The larger economy is also being helped by new Western interest, GDP growing by 8.9% in the first nine months of 2002. Industrial output is up 6.7% and retail trade turnover up by 19.9%. A restructuring of foreign trade is under way. Trade is shifting from being an affair of exporting mainly to the CIS countries (or former Soviet states) and importing mainly from non-CIS countries to being a more balanced affair. Indeed in 2002's first three quarters foreign trade grew by 6.8%; within this, exports grew by 10.2%, of which 72.6% was to countries outside the CIS, while imports grew by 3.6%, of which 75.6% was from CIS countries, a gratifying trend of development. Tajikistan is opening up, even in trade, to a wider world.
Tajikistan trade deficit grows
Tajikistan had a trade deficit of US$12.7m in the first 10 months of 2002, the country's State Statistics Committee announced, New Europe has reported.
Foreign trade increased by 6.8 per cent year-on-year to US$1.949bn. Exports grew 10.2 per cent to US$591.1m, of which 72.6 per cent or US$418.9m to countries from outside the CIS.
Imports were up 3.6 per cent to US$603.8m, of which 75.6 per cent or US$456.3m were from the CIS. Aluminium accounted for 55 per cent of Tajikistan's exports. In the 10 months, Tajikistan exported 250,000 tonnes of aluminium, which was 23,800 tonnes more than in the same period of 2001. Cotton-fibre exports came to 95,700 tonnes or 14.4 per cent of total exports and 80.8 per cent more than in the first 10 months of 2001.
FOREIGN ECONOMIC RELATIONS
Rahmonov holds sessions with potential Czech investors
Tajik President Emomali Rahmonov has held talks with the heads of the Entrepreneurs' Union and Chamber of Commerce of the Czech Republic, Czech export banks, Skoda company, machinery construction plant, Kashire, and the RDP Group. The meetings took place during the course of the President's visit to Prague to attend the recent NATO summit, New Europe has reported.
President press secretary, Zafar Saidov, told Asia-Plus News Agency that the sides discussed priorities and conditions of trade-economic cooperation between the two countries. Czech investors were reported as being keen on running economic projects in Tajikistan. The key question was the delivery of trolley buses, possible delivery of equipment for small power plants, air-navigation equipment, medicines and medical supplies and the opening of a Czech trade centre in Tajikistan.
Rahmonov briefed Czech businessmen on profitable and promising economic projects for foreign investors in his country, and expressed confidence that his meetings with senior representatives from the Czech authorities would promote expansion of mutually beneficial cooperation between the two republics.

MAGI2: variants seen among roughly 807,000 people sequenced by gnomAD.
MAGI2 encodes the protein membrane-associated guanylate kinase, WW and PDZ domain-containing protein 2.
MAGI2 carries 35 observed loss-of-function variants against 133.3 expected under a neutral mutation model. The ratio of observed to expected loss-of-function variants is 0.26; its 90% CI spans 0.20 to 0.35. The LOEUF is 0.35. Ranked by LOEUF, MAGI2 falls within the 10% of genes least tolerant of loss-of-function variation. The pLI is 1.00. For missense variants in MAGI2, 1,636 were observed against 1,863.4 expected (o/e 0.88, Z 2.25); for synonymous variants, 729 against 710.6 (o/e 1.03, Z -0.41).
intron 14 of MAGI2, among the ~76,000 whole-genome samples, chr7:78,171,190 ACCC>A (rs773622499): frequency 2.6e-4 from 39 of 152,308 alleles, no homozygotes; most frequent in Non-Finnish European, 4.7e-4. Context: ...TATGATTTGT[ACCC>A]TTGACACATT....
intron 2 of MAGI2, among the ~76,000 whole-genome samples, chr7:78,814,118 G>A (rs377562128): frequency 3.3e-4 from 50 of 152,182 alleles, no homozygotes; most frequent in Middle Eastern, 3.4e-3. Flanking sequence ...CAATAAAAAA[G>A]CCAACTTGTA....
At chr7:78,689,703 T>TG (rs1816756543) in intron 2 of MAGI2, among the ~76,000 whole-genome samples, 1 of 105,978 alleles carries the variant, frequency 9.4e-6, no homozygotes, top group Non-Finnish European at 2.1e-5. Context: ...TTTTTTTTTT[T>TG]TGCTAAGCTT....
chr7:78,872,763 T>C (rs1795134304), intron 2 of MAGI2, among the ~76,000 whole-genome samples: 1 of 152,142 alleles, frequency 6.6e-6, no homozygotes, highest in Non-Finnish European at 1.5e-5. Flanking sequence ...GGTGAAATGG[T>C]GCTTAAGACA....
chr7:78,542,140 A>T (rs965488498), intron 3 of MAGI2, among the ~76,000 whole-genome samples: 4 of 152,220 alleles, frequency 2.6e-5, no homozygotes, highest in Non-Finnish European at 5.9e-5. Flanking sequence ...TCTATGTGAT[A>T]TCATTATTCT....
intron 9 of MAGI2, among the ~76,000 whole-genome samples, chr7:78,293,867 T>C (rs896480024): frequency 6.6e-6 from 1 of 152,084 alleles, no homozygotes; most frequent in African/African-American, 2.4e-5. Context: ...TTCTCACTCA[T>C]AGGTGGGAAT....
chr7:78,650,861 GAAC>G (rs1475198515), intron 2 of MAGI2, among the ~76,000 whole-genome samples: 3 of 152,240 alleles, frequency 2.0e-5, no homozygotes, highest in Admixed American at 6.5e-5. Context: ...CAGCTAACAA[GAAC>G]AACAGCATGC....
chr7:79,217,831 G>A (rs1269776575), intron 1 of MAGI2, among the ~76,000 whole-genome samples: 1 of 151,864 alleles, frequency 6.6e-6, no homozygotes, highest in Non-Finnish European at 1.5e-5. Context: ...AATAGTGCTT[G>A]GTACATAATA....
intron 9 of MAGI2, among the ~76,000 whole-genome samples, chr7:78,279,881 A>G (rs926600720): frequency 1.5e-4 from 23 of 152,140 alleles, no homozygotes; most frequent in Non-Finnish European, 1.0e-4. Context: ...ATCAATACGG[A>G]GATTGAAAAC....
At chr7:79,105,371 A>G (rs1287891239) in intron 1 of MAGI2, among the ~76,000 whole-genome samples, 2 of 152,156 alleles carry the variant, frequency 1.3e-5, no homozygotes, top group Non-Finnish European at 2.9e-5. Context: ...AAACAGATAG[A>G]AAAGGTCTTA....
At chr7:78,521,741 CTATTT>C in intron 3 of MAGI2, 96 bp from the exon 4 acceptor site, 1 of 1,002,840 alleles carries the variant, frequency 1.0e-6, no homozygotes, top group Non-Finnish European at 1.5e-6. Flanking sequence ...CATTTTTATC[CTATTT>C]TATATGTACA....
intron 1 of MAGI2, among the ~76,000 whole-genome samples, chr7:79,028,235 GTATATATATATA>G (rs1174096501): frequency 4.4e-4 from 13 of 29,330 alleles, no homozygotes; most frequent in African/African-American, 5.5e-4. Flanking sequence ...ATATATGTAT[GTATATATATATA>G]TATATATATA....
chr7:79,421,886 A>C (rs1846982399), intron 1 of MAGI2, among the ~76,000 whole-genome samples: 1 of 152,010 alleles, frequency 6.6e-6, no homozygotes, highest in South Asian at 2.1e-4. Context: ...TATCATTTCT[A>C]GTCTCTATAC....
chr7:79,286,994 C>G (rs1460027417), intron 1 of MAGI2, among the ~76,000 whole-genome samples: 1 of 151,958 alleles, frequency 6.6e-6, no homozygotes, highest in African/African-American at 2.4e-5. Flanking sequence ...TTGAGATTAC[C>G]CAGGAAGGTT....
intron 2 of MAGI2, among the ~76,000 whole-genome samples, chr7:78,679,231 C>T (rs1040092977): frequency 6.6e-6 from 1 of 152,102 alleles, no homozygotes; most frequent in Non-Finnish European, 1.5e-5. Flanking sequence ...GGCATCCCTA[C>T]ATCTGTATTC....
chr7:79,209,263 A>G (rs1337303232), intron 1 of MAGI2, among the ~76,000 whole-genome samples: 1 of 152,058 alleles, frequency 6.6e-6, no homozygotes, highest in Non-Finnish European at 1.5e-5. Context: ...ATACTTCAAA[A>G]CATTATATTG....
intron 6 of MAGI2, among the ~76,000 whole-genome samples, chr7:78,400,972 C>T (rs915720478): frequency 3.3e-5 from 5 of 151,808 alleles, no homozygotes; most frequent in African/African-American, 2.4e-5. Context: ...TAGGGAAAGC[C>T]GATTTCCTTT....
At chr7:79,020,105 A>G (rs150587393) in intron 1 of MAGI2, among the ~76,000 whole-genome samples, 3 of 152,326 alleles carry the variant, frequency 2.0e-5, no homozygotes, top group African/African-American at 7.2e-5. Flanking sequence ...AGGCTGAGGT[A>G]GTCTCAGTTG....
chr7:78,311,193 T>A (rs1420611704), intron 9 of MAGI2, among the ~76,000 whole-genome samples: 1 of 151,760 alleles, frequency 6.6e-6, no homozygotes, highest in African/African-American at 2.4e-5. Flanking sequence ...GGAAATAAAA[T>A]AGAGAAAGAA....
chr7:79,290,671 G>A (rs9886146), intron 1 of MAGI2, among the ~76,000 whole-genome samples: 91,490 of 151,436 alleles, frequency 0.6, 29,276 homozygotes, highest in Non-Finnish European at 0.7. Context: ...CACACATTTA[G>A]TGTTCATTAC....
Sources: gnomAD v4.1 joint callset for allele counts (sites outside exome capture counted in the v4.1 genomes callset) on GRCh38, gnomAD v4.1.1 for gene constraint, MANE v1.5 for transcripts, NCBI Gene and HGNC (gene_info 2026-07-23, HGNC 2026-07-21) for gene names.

When visiting the Skoda car assembly plant, Rahmonov suggested opening a sale room in Dushanbe selling Skoda cars.
During his visit to Prague, the president also held talks with the chairman of the Czech Senate, Peter Pitkhart. In the course of talks the sides discussed issues related to the expansion of cooperation between the two countries.
According to Saidov, the Czech officials highly praised Tajikistan's role in the fight against international terrorism and illegal drug trafficking, as well as its contribution to political stabilisation and economic reconstruction in that country.
Japan aid for socio-economic projects in Dushanbe emerges
The grant assistance for grass roots projects of the government of Japan has awarded Tajikistan the amount of US$16,800 for the opening of a sewing training-centre, recently inaugurated in Dushanbe. Commenting on this, the Japanese embassy in Dushanbe stated that bilateral relations have started to develop on an economic basis apart from the current humanitarian one, mainly as a result of economic reforms carried out in the republic of Tajikistan. "To support unemployed and by promoting employment of them, the project of establishing the sewing training-centre has been supported," the embassy noted, the Asia Plus reported recently.
Meanwhile, another inauguration ceremony of the "Renovation of Hissar Orphange for Blind Children" was held in Hissar. This project was implemented by ORA International. Since the Japanese embassy opened in Dushanbe last January it has supported 24 grass roots projects, worth US$957,199. Asia Plus quoted the Japanese embassy as saying it is ready to continue supporting projects aimed at improving the socio-economic development of the country.